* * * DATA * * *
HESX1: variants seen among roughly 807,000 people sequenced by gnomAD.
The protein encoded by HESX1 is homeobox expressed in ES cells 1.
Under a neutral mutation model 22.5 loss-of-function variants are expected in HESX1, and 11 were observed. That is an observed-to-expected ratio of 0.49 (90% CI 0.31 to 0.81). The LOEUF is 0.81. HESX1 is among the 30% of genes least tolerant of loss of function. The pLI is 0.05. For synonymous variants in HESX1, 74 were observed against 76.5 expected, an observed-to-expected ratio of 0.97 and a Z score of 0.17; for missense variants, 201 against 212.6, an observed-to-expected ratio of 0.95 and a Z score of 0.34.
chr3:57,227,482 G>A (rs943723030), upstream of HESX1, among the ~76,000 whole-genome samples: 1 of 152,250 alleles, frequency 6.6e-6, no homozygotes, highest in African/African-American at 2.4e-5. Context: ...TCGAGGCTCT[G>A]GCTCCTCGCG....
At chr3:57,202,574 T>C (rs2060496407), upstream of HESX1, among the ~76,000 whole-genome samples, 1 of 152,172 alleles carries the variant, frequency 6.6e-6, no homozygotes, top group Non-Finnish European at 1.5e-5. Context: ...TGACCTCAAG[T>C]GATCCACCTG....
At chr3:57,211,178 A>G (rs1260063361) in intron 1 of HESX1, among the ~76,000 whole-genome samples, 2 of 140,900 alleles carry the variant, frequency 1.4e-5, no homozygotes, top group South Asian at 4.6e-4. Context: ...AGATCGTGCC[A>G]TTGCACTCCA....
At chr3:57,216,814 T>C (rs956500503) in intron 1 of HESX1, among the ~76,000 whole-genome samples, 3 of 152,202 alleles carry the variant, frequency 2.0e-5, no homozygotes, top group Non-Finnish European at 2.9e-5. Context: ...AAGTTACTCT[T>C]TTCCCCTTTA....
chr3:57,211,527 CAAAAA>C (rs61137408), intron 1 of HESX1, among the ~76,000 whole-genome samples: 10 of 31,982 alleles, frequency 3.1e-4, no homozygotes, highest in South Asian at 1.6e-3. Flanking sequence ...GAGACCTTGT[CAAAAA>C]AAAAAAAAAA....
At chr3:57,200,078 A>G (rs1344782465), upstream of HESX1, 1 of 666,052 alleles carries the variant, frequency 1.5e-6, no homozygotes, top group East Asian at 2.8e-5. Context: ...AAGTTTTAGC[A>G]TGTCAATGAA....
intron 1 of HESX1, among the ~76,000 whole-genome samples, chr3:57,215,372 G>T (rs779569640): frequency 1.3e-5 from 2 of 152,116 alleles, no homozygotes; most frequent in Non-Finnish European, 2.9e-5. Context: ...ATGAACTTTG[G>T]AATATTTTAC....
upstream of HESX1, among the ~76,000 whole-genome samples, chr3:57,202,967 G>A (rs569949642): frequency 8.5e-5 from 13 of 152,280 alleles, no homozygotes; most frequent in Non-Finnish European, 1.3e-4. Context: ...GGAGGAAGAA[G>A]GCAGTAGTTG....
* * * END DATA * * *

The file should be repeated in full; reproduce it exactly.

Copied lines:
HESX1: variants seen among roughly 807,000 people sequenced by gnomAD.
The protein encoded by HESX1 is homeobox expressed in ES cells 1.
Under a neutral mutation model 22.5 loss-of-function variants are expected in HESX1, and 11 were observed. That is an observed-to-expected ratio of 0.49 (90% CI 0.31 to 0.81). The LOEUF is 0.81. HESX1 is among the 30% of genes least tolerant of loss of function. The pLI is 0.05. For synonymous variants in HESX1, 74 were observed against 76.5 expected, an observed-to-expected ratio of 0.97 and a Z score of 0.17; for missense variants, 201 against 212.6, an observed-to-expected ratio of 0.95 and a Z score of 0.34.
chr3:57,227,482 G>A (rs943723030), upstream of HESX1, among the ~76,000 whole-genome samples: 1 of 152,250 alleles, frequency 6.6e-6, no homozygotes, highest in African/African-American at 2.4e-5. Context: ...TCGAGGCTCT[G>A]GCTCCTCGCG....
At chr3:57,202,574 T>C (rs2060496407), upstream of HESX1, among the ~76,000 whole-genome samples, 1 of 152,172 alleles carries the variant, frequency 6.6e-6, no homozygotes, top group Non-Finnish European at 1.5e-5. Context: ...TGACCTCAAG[T>C]GATCCACCTG....
At chr3:57,211,178 A>G (rs1260063361) in intron 1 of HESX1, among the ~76,000 whole-genome samples, 2 of 140,900 alleles carry the variant, frequency 1.4e-5, no homozygotes, top group South Asian at 4.6e-4. Context: ...AGATCGTGCC[A>G]TTGCACTCCA....
At chr3:57,216,814 T>C (rs956500503) in intron 1 of HESX1, among the ~76,000 whole-genome samples, 3 of 152,202 alleles carry the variant, frequency 2.0e-5, no homozygotes, top group Non-Finnish European at 2.9e-5. Context: ...AAGTTACTCT[T>C]TTCCCCTTTA....
chr3:57,211,527 CAAAAA>C (rs61137408), intron 1 of HESX1, among the ~76,000 whole-genome samples: 10 of 31,982 alleles, frequency 3.1e-4, no homozygotes, highest in South Asian at 1.6e-3. Flanking sequence ...GAGACCTTGT[CAAAAA>C]AAAAAAAAAA....
At chr3:57,200,078 A>G (rs1344782465), upstream of HESX1, 1 of 666,052 alleles carries the variant, frequency 1.5e-6, no homozygotes, top group East Asian at 2.8e-5. Context: ...AAGTTTTAGC[A>G]TGTCAATGAA....
intron 1 of HESX1, among the ~76,000 whole-genome samples, chr3:57,215,372 G>T (rs779569640): frequency 1.3e-5 from 2 of 152,116 alleles, no homozygotes; most frequent in Non-Finnish European, 2.9e-5. Context: ...ATGAACTTTG[G>T]AATATTTTAC....
upstream of HESX1, among the ~76,000 whole-genome samples, chr3:57,202,967 G>A (rs569949642): frequency 8.5e-5 from 13 of 152,280 alleles, no homozygotes; most frequent in Non-Finnish European, 1.3e-4. Context: ...GGAGGAAGAA[G>A]GCAGTAGTTG....